Paradise in Wannsee

  • Max Liebermann (1847 - 1935) Die Birkenallee im Wannseegarten nach Westen, 1918
    Max Liebermann (1847 - 1935)
    Die Birkenallee im Wannseegarten nach Westen,
    1918
  • Max Liebermann (1847-1935) Blumenstauden im Wannseegarten, 1919
    Max Liebermann (1847-1935) Blumenstauden im Wannseegarten, 1919
  • Max Liebermann (1847-1935) Blumenstauden im Wannseegarten, 1919
    Max Liebermann (1847-1935)
    Blumenstauden im Wannseegarten, 1919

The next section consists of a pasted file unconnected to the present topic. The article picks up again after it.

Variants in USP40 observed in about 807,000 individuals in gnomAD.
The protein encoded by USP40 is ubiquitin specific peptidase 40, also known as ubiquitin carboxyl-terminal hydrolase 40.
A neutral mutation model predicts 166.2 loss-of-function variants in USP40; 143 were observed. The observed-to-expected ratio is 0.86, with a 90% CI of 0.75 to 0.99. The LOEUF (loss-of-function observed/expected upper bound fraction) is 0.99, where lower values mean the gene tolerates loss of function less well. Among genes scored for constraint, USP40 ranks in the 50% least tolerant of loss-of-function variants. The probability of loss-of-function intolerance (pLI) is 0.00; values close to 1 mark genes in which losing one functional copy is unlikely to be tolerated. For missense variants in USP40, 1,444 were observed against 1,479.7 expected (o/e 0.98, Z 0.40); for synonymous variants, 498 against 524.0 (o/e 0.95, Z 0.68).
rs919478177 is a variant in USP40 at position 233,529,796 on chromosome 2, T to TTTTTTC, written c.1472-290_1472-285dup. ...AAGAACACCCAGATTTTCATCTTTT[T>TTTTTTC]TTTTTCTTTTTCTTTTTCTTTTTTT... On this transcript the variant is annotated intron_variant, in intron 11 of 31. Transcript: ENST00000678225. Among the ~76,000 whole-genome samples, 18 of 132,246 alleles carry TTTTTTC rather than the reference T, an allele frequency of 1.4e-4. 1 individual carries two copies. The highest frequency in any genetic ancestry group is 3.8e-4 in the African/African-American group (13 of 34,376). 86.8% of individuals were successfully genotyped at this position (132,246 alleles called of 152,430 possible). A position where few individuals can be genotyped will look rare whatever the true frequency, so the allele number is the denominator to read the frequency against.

A new set of themes entered Liebermann's oeuvre in the period around 1900: parks, gardens and villa-style buildings surrounded by lush vegetation. In 1909 he bought a piece of land on the northern shores of the Greater Wannsee lake just outside Berlin, which enabled him to pursue and deepen his interest in this kind of subject matter. The following year, a two-storey villa was built on the property according to plans drawn up by the Berlin architect Paul Baumgarten, a pupil of Alfred Messel's, and this became the Liebermanns' summer residence. The task of planning the extensive gardens was given to the landscape architect Albert Brodersen; Liebermann also received advice from Alfred Lichtwark, the first director of the Hamburger Kunsthalle. When complete, the grounds contained a vegetable garden facing towards the street, flower terraces behind the house, a large lawn leading down to the banks of the lake and three hedge gardens on the north side. Liebermann's lakeside retreat at Wannsee is the subject of more than 200 works that reflect an increasingly loose and expressive painting style and are inspired by a more impressionistic mode of perception. Many of these paintings are riotous explosions of colour, generated by bold combinations of flowering plants.

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